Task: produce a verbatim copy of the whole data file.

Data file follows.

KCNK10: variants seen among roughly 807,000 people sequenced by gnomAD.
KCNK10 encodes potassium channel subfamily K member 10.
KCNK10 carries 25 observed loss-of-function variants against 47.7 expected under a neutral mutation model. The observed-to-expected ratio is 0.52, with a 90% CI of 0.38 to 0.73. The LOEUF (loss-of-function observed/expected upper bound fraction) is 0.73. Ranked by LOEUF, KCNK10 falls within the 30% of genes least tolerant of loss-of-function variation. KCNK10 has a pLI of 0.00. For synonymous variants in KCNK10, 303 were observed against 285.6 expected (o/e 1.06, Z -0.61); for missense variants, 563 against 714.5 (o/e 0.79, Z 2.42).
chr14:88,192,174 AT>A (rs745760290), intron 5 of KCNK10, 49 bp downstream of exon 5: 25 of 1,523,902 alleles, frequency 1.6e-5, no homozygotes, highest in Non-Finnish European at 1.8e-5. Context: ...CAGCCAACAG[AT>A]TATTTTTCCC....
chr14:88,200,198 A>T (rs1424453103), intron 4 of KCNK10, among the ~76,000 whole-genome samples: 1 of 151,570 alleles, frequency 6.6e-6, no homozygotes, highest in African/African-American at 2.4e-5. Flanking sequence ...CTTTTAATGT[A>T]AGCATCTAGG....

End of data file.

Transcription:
KCNK10: variants seen among roughly 807,000 people sequenced by gnomAD.
KCNK10 encodes potassium channel subfamily K member 10.
KCNK10 carries 25 observed loss-of-function variants against 47.7 expected under a neutral mutation model. The observed-to-expected ratio is 0.52, with a 90% CI of 0.38 to 0.73. The LOEUF (loss-of-function observed/expected upper bound fraction) is 0.73. Ranked by LOEUF, KCNK10 falls within the 30% of genes least tolerant of loss-of-function variation. KCNK10 has a pLI of 0.00. For synonymous variants in KCNK10, 303 were observed against 285.6 expected (o/e 1.06, Z -0.61); for missense variants, 563 against 714.5 (o/e 0.79, Z 2.42).
chr14:88,192,174 AT>A (rs745760290), intron 5 of KCNK10, 49 bp downstream of exon 5: 25 of 1,523,902 alleles, frequency 1.6e-5, no homozygotes, highest in Non-Finnish European at 1.8e-5. Context: ...CAGCCAACAG[AT>A]TATTTTTCCC....
chr14:88,200,198 A>T (rs1424453103), intron 4 of KCNK10, among the ~76,000 whole-genome samples: 1 of 151,570 alleles, frequency 6.6e-6, no homozygotes, highest in African/African-American at 2.4e-5. Flanking sequence ...CTTTTAATGT[A>T]AGCATCTAGG....